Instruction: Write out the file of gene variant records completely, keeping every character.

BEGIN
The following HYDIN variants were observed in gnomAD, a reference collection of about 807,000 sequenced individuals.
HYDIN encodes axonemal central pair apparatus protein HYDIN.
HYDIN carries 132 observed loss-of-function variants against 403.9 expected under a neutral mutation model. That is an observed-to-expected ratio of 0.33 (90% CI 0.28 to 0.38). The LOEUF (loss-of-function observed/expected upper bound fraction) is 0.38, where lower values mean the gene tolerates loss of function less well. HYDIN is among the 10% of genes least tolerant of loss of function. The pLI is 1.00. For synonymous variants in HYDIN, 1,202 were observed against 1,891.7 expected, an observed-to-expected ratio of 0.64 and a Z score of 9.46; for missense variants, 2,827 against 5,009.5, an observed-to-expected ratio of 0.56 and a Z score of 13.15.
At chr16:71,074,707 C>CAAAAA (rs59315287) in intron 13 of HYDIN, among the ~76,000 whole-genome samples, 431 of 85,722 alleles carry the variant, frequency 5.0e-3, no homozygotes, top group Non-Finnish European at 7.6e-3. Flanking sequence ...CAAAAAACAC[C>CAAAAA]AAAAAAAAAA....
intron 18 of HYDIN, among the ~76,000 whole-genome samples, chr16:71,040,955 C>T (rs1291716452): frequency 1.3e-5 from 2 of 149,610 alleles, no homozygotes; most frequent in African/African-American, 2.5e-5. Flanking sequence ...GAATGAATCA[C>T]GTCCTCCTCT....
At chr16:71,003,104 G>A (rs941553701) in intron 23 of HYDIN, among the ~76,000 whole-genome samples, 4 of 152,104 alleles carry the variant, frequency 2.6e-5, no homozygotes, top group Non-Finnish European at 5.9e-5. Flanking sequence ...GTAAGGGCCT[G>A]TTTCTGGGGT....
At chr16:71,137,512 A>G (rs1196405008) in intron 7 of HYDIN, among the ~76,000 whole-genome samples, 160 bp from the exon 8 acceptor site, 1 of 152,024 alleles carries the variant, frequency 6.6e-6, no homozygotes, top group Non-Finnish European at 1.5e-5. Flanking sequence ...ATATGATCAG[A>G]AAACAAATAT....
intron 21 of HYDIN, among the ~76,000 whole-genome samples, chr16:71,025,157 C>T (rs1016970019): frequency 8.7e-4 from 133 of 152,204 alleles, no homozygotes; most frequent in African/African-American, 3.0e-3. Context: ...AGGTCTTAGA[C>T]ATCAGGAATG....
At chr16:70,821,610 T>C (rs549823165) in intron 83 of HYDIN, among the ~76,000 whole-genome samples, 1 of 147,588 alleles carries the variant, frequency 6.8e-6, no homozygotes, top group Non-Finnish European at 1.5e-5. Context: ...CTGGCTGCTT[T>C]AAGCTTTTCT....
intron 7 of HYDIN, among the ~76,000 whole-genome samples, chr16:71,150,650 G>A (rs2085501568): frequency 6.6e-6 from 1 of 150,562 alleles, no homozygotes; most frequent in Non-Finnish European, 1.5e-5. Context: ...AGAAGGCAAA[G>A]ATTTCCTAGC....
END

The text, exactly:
The following HYDIN variants were observed in gnomAD, a reference collection of about 807,000 sequenced individuals.
HYDIN encodes axonemal central pair apparatus protein HYDIN.
HYDIN carries 132 observed loss-of-function variants against 403.9 expected under a neutral mutation model. That is an observed-to-expected ratio of 0.33 (90% CI 0.28 to 0.38). The LOEUF (loss-of-function observed/expected upper bound fraction) is 0.38, where lower values mean the gene tolerates loss of function less well. HYDIN is among the 10% of genes least tolerant of loss of function. The pLI is 1.00. For synonymous variants in HYDIN, 1,202 were observed against 1,891.7 expected, an observed-to-expected ratio of 0.64 and a Z score of 9.46; for missense variants, 2,827 against 5,009.5, an observed-to-expected ratio of 0.56 and a Z score of 13.15.
At chr16:71,074,707 C>CAAAAA (rs59315287) in intron 13 of HYDIN, among the ~76,000 whole-genome samples, 431 of 85,722 alleles carry the variant, frequency 5.0e-3, no homozygotes, top group Non-Finnish European at 7.6e-3. Flanking sequence ...CAAAAAACAC[C>CAAAAA]AAAAAAAAAA....
intron 18 of HYDIN, among the ~76,000 whole-genome samples, chr16:71,040,955 C>T (rs1291716452): frequency 1.3e-5 from 2 of 149,610 alleles, no homozygotes; most frequent in African/African-American, 2.5e-5. Flanking sequence ...GAATGAATCA[C>T]GTCCTCCTCT....
At chr16:71,003,104 G>A (rs941553701) in intron 23 of HYDIN, among the ~76,000 whole-genome samples, 4 of 152,104 alleles carry the variant, frequency 2.6e-5, no homozygotes, top group Non-Finnish European at 5.9e-5. Flanking sequence ...GTAAGGGCCT[G>A]TTTCTGGGGT....
At chr16:71,137,512 A>G (rs1196405008) in intron 7 of HYDIN, among the ~76,000 whole-genome samples, 160 bp from the exon 8 acceptor site, 1 of 152,024 alleles carries the variant, frequency 6.6e-6, no homozygotes, top group Non-Finnish European at 1.5e-5. Flanking sequence ...ATATGATCAG[A>G]AAACAAATAT....
intron 21 of HYDIN, among the ~76,000 whole-genome samples, chr16:71,025,157 C>T (rs1016970019): frequency 8.7e-4 from 133 of 152,204 alleles, no homozygotes; most frequent in African/African-American, 3.0e-3. Context: ...AGGTCTTAGA[C>T]ATCAGGAATG....
At chr16:70,821,610 T>C (rs549823165) in intron 83 of HYDIN, among the ~76,000 whole-genome samples, 1 of 147,588 alleles carries the variant, frequency 6.8e-6, no homozygotes, top group Non-Finnish European at 1.5e-5. Context: ...CTGGCTGCTT[T>C]AAGCTTTTCT....
intron 7 of HYDIN, among the ~76,000 whole-genome samples, chr16:71,150,650 G>A (rs2085501568): frequency 6.6e-6 from 1 of 150,562 alleles, no homozygotes; most frequent in Non-Finnish European, 1.5e-5. Context: ...AGAAGGCAAA[G>A]ATTTCCTAGC....